Baader also speaks of our Existenz, and the fact that we have no being in ourselves. Our existence relates to a coming forth (Hervorgehens) and to a Ground (Begründung 26, 29). Baader also says that this Existenz cannot be found in temporal reality itself. Anticipating Dooyeweerd’s later criticism of Heidegger, Baader objects to Schelling and Hegel. These philosophers ought to be searching for Sein itself beyond the relativity of Dasein. The idea of analogy is also foreign to them. But ‘existence” cannot be used univocally of God and creatures (J. Sauter: Baader and Kant, 548 ft., cited by Betanzos 44). Baader says that our Existenz relates to our central being that is free of time and space (Elementarbegriffe 560). Man is the root-unity (Wurzel-Einheid) of nature. Man is not just a postscript to the rest of creation (Weltalter 280). We are God’s final creation (Schlussgeschöpf) (Werke I, 299, 432; IV, 33). The idea of the religious root is related to the fact that we are the image of God (Weltalter 184). St. Paul says that Heaven and earth “live and move and have their being” in God [Acts 17:28]. Because our central, supratemporal selfhood is the image of God, humans are truly the center of the material world (Werke 5, 31; XI, 78; Begründung 48).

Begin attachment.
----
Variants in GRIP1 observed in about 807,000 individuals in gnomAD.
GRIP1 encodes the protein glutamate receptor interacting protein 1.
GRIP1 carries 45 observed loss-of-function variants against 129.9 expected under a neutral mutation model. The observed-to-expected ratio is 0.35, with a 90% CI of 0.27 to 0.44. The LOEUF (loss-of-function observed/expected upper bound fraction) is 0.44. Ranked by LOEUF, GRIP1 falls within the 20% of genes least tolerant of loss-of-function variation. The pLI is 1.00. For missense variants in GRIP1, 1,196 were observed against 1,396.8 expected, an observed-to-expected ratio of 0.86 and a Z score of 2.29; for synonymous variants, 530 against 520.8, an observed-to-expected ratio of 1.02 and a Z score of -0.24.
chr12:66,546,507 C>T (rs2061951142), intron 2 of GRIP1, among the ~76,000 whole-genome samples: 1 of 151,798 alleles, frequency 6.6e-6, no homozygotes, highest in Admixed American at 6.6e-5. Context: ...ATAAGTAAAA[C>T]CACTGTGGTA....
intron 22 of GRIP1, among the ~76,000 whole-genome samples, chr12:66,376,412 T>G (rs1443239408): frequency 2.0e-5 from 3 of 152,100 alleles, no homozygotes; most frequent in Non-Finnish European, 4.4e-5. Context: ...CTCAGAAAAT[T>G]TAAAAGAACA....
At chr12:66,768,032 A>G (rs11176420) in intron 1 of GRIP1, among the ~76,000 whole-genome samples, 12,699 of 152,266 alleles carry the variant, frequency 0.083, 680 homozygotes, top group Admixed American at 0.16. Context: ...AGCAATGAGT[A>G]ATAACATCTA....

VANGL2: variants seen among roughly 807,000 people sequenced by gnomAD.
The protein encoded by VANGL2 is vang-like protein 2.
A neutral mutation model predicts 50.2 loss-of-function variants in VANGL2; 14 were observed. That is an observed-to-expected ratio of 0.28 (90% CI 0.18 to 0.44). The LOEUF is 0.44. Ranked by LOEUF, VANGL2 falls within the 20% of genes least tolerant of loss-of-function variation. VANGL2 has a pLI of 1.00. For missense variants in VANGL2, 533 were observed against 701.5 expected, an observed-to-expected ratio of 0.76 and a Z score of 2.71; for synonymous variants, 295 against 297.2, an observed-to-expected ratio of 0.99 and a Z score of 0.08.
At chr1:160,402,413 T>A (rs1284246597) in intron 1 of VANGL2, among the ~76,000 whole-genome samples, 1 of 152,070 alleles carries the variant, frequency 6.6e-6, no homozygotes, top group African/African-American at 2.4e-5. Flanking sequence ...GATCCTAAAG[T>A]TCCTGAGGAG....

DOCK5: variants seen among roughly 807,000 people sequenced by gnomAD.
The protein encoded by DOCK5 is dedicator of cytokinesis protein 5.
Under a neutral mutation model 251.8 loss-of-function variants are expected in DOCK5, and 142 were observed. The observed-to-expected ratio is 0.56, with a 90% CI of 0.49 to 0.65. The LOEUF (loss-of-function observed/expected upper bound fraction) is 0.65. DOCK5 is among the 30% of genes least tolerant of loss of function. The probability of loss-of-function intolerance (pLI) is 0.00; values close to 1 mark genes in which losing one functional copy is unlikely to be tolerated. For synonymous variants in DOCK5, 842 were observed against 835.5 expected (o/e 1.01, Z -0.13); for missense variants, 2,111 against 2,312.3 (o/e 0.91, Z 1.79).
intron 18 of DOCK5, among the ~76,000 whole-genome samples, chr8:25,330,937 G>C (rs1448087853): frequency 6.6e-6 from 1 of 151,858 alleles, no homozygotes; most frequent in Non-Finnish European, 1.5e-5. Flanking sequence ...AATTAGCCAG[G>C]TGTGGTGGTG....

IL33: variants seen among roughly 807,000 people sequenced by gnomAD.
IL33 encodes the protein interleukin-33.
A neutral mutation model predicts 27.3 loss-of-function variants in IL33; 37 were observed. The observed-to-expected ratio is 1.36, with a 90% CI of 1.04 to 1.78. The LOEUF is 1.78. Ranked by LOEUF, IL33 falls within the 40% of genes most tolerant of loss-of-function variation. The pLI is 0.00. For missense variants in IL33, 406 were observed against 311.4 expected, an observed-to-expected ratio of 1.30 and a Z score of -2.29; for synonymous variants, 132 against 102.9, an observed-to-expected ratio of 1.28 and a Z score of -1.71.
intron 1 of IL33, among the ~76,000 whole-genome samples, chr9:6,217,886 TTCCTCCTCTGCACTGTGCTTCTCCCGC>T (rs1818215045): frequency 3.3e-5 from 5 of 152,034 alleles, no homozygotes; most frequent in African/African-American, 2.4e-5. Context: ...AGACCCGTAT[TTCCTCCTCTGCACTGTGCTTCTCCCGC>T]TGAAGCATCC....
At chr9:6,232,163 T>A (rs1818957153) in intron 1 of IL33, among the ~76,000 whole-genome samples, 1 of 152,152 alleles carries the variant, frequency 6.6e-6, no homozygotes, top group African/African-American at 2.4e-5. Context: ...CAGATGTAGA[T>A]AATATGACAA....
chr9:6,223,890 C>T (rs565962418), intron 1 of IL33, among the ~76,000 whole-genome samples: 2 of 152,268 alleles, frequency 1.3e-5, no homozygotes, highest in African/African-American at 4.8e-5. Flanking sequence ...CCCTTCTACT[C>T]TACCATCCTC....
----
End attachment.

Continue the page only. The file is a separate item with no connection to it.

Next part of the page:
And Baader speaks of a “virtual Inexistenz” in the spiritual penetration of another being (“Speculative Dogmatics, Werke IX, 95).

For Baader, analogies are anthropomorphic. This is because things do not ‘exist’ except insofar as they are related to Man; we should therefore explain things by our self and not our self by things around us. St. Martin frequently refers to Böhme’s idea that we must explain things through Man and not Man through things (WerkeXI, 233; 12, 88, 264, 371-372).

An interesting parallel to this view of existence is found in Rudolf Otto’s reference to Hindu thought of Being:

One might try to indicate this by forcing the language and making the word “be” into a medium of higher unity of intransitive and transitive. For instance one might say instead of : “I am Brahman,” “I am ‘existed’ by Brahman” or “essenced” by Brahman, or “Brahman exists me.” (Mysticism East and West, Macmillan 1970, first published 1932, p. 104).

Revised May 2/06; Dec 23/16